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This question has become long after many updates. Click here to go down.


I have implemented stack using arrays in C. Please give me suggestions on how to improve it. The purpose of writing it is practice-only.

I'll be implementing it by using pointers soon so please leave the part about using pointers instead of arrays for implementing stack.

I'll keep adding updated code so please review the latest one.

#include<stdio.h>
#include<stdlib.h>

#define MAX_SIZE 100
#define MIN 1
#define MAX 3

void intro();

void push(int *arr, int *length, int data);
int pop(int* arr, int *length);

int main()
{
    int arr[MAX_SIZE];
    int length = 0;

    int choice = MAX + 1;
    int data;

    while (1)
    {
        while (MAX < choice || choice < MIN)
        {
            system("cls");
            intro();
            printf("Enter your choice -> ");
            scanf("%d", &choice);
        }

        system("cls");
        switch (choice)
        {
        case 1:
            printf("\nEnter data to be pushed -> ");
            scanf("%d", &data);
            push(arr, &length, data);
            printf("\nData pushed");
            break;
        case 2:
            printf("\nPopped Data is %d", pop(arr, &length));
            break;
        case 3:
            return 0;
        }
        printf("\nLength is %d", length);
        getchar();
        getchar();
        choice = MAX + 1;
    }
}

void intro()
{
    printf("1 Push data\n");
    printf("2 Pop Data\n");
    printf("3 Exit this program\n\n");
}

void push(int *arr, int *length, int data)
{
    if (*length == MAX_SIZE){
        printf("Stack Overflow\n");
        exit(1);
    }
    arr[(*length)++] = data;
}

int pop(int *arr, int *length)
{
    if (*length == 0){
        printf("Stack Underflow\n");
        exit(2);
    }
    return arr[--(*length)];
}

Update 1 after Lstor gave suggestions

#include<stdio.h>
#include<stdlib.h>
#include<errno.h>

static const int MAX_SIZE = 100;
static const int MIN = 1;
static const int MAX = 4;

void intro();

void push(int *, int *, int);
int pop(int *, int *);
int top(int *, int *);

int main()
{
    int arr[MAX_SIZE];
    int length = 0;

    for (;;)
    {
        int choice = MAX + 1;
        while (MAX < choice || choice < MIN)
        {
            system("cls");
            intro();
            printf("Enter your choice -> ");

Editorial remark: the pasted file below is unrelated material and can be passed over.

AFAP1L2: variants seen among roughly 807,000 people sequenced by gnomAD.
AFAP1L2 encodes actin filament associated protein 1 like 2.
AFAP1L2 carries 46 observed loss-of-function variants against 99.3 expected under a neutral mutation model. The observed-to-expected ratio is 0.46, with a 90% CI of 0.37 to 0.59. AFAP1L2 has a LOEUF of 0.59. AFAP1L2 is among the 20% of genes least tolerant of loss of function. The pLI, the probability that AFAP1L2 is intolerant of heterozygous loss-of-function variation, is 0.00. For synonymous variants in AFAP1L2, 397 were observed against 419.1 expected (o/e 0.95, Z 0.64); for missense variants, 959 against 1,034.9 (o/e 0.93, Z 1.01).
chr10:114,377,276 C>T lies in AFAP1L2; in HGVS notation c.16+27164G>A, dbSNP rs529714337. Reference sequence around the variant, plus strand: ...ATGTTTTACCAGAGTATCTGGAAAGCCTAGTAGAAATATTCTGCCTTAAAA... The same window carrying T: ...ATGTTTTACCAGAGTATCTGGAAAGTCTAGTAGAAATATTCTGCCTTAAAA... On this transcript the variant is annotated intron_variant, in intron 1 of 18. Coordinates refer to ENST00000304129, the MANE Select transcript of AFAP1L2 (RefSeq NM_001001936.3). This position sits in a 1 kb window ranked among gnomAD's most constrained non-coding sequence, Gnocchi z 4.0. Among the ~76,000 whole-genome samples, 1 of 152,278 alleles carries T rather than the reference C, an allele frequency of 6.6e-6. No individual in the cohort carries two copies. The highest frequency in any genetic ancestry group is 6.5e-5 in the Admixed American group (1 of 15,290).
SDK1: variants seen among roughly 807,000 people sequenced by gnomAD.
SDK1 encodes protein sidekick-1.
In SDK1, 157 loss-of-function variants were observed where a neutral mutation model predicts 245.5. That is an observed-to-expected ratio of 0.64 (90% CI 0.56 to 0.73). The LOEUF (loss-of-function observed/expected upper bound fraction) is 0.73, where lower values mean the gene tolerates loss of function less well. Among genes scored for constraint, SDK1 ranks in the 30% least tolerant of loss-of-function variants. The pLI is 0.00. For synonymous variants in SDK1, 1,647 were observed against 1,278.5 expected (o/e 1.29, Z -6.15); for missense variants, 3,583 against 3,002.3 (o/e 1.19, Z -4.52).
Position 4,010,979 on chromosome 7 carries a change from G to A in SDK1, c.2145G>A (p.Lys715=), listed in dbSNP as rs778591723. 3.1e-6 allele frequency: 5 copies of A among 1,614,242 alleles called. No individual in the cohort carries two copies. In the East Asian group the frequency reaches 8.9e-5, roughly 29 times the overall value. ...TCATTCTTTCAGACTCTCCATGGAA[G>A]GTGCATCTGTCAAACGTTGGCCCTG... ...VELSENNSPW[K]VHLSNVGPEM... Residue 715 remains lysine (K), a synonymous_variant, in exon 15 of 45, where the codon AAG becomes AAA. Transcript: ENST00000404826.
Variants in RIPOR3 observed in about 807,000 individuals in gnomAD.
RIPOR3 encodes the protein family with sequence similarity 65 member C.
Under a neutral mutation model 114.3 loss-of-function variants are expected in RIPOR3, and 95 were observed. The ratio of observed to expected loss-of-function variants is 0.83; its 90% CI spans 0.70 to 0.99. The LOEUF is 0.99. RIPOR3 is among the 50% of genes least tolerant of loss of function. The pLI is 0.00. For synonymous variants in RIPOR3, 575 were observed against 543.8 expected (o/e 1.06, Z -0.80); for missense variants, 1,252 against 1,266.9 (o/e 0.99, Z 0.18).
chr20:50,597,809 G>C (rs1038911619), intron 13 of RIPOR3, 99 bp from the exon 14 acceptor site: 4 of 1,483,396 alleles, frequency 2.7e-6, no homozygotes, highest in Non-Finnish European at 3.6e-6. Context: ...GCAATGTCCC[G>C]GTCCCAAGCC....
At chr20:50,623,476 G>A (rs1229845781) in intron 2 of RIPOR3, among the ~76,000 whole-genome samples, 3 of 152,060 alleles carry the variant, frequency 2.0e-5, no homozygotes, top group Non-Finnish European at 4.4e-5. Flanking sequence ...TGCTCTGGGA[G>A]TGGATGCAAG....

scanf("%d", &choice);
        }

        system("cls");
        int data;
        errno = 0;
        switch (choice)
        {
        case 1:
            printf("\nEnter data to be pushed -> ");
            scanf("%d", &data);
            push(arr, &length, data);
            if (errno == 1){
                printf("\nStack overflow");
            }
            break;
        case 2:
            data = pop(arr, &length);
            if (errno == 2){
                printf("\nStack underflow");
            }
            else{
                printf("\nThe data is %d", data);
            }
            break;
        case 3:
            data = top(arr, &length);
            if (errno == 1){
                printf("\nStack overflow");
            }
            else if (errno == 2){
                printf("\nStack underflow");
            }
            else{
                printf("\nThe data at top is %d", data);
            }
            break;
        case 4:
            return 0;
        }
        printf("\nLength is %d", length);
        getchar();
        getchar();
    }
}

void intro()
{
    printf("1 Push data\n");
    printf("2 Pop Data\n");
    printf("3 See the top of the stack\n");
    printf("4 Exit this program\n\n");
}

void push(int *arr, int *length, int data)
{
    if (*length == MAX_SIZE){
        errno = 1;
        return;
    }
    arr[(*length)++] = data;
}

int pop(int *arr, int *length)
{
    if (*length == 0){
        errno = 2;
        return -1;
    }
    return arr[--(*length)];
}

int top(int *arr, int *length)
{
    if (*length == 0){